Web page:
While the Western world often thinks little of who is making their clothes, the Dhaka garment factory collapse temporarily turned the spotlight on the inhumane and unsafe conditions of garment factories in 2013 when over 1,000 Bangladeshi workers were killed. In 2019, only six years later, it seems that consumers’ attention has shifted back, once again, to looking the other way. Today, The Wall Street Journal reported that Amazon, one of the world’s leading e-commerce sites, was recently found selling clothing made in factories that were blacklisted following the Dhaka collapse.
This list of blacklisted factories came after major retailers came together in 2013 and established a task force to inspect factories in Bangladesh in hopes of preventing a future factory tragedy. Of the factories banned by that task force, 67 were found to be producing clothing that was later listed and sold on Amazon by wholesalers or third-party sellers.
All the worse, both Target and Walmart were also found to have products being made in over 30 of these blacklisted factories, which is particularly striking considering that both Target and Walmart were participants in blacklisting said factories following the Dhaka collapse.
It’s no secret that Amazon is one of the major leaders of online sales, and as many might argue, served as a catalyst in changing the world’s shopping patterns from brick and mortar to online commerce. In 2018, Business Insider shared that Amazon had an average monthly traffic rate of 1.87 billion. Also on this list were Target, with average monthly traffic of 117.4 million, and Walmart, at 339 million.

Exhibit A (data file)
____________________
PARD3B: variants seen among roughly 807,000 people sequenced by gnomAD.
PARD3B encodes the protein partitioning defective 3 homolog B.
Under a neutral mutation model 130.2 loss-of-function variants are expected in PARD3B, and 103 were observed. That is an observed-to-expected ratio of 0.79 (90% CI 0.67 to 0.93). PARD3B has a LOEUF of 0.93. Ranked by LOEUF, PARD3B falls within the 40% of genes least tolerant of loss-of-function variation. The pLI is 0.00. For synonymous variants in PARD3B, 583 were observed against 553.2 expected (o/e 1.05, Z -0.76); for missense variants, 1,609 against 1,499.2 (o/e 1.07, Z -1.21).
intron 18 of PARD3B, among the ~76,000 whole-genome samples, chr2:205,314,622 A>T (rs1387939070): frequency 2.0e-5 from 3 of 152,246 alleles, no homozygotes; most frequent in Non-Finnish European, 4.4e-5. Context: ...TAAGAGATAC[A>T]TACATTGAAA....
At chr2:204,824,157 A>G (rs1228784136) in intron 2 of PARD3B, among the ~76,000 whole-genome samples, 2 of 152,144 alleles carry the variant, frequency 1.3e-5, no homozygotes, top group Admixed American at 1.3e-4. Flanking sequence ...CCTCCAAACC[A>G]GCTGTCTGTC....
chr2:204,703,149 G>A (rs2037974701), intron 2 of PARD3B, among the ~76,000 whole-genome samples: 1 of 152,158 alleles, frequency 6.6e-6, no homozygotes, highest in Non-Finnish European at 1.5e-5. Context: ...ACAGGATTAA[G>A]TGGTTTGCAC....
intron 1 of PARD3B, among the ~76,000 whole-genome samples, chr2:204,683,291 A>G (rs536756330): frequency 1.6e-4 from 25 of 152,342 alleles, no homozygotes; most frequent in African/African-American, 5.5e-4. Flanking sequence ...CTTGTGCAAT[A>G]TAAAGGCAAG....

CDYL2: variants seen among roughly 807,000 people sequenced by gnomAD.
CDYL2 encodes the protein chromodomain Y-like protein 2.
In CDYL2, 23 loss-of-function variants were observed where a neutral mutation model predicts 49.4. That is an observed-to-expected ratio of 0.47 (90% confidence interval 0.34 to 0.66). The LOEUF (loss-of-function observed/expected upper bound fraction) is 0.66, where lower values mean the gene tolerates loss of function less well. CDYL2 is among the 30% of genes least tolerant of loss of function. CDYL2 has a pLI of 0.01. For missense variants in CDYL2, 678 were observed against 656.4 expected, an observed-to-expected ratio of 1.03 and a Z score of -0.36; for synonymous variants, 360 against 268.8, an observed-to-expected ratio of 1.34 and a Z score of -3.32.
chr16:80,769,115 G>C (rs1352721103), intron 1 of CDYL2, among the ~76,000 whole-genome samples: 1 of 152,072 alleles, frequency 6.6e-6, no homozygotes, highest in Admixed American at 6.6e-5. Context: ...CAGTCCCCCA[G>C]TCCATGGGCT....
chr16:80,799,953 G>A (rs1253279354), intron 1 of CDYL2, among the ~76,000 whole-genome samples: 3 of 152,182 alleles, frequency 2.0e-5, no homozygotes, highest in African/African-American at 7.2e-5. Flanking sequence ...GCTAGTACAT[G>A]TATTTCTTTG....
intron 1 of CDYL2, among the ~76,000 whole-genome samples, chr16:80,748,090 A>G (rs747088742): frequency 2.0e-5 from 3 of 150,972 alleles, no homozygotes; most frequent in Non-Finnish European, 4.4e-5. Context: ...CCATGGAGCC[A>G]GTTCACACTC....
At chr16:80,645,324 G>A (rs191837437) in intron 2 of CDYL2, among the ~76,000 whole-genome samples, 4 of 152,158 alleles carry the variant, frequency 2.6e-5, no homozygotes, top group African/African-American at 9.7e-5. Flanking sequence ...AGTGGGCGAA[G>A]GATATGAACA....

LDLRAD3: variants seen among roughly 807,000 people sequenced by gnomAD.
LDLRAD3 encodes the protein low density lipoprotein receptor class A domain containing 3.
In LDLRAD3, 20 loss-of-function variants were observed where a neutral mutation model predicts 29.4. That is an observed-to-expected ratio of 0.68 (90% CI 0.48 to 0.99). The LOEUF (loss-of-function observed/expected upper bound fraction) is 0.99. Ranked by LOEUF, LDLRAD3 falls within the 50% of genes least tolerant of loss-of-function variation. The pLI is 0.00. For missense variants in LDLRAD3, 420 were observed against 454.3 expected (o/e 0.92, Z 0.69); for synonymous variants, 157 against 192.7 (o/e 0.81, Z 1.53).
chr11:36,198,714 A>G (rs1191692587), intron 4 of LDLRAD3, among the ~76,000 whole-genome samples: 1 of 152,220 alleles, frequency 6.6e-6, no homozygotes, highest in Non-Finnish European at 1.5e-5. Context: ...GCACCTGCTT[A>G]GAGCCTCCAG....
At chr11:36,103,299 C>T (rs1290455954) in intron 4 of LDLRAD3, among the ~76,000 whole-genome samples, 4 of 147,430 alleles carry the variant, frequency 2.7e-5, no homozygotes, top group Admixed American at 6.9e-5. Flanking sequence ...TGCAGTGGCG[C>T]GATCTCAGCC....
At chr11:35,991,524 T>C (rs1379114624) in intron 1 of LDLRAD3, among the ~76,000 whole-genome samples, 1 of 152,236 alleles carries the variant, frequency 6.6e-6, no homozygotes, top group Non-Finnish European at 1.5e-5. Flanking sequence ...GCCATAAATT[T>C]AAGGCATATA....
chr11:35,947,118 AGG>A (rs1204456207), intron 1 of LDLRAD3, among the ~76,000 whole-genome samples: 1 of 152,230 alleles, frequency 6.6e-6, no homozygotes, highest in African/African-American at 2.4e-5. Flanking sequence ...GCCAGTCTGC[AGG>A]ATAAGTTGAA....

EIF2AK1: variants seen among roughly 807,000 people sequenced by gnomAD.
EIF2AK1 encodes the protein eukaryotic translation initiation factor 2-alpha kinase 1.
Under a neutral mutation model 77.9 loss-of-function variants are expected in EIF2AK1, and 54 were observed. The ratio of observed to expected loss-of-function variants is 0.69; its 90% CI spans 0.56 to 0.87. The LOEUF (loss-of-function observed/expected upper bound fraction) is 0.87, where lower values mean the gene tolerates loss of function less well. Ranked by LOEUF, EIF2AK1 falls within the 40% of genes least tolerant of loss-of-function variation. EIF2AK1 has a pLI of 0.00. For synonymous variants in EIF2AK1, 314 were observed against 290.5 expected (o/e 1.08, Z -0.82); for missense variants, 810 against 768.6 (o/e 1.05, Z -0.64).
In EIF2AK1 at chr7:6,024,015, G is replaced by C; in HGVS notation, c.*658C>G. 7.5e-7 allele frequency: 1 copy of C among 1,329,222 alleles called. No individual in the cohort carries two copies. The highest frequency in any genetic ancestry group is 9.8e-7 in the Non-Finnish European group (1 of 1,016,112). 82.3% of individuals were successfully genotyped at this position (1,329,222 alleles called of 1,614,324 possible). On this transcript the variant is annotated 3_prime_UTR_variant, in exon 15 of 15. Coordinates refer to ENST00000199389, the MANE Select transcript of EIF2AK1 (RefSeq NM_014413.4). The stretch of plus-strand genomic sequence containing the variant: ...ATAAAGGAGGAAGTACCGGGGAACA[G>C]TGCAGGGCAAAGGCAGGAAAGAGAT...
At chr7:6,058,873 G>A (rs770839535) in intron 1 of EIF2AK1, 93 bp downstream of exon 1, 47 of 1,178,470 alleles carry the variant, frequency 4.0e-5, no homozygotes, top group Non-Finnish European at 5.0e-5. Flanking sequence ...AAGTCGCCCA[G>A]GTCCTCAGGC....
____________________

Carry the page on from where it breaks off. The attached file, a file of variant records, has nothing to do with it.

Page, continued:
To even try to digest these numbers can be overwhelming, but the long and the short of it is quite simple:
In an age of digital consumption and instant gratification, most of our shopping is being done online, and the e-commerce sites getting most of our purchases are providing us with items made in factories that have no concern for workers’ rights, health, or safety.
To make it even more straightforward, a dollar you spend in purchasing a blouse on Amazon has a solid chance of also being a dollar spent to repress clothing makers and keep them captive to an abusive system of labor and production.
A spokesperson for Amazon stated that the company “does not inspect the factories that it buys clothes from its wholesalers or that come from third-party sellers but it requires these parties to adhere to its safety standards.” With power comes responsibility, and with the amount of power that Amazon holds in the e-commerce market, it’s not enough for them to sit back and refrain from conducting rigorous factory checks on any and every seller they are partnered with — wholesalers, third parties, or whomever.
While Amazon and other e-commerce sites may be able to provide a low cost garment, the question we must all continue to ask ourselves is At what cost? Is a fourteen-dollar pair of trousers worth the oppression of hundreds of factory workers? Does a cheap six pack of socks warrant placing human lives in perilous conditions that could ultimately take their lives? These are the questions Amazon should be considering. These are the questions that we want answered.
Demand change from Amazon. Join us in a social media callout by including the hashtag #wearyourvalues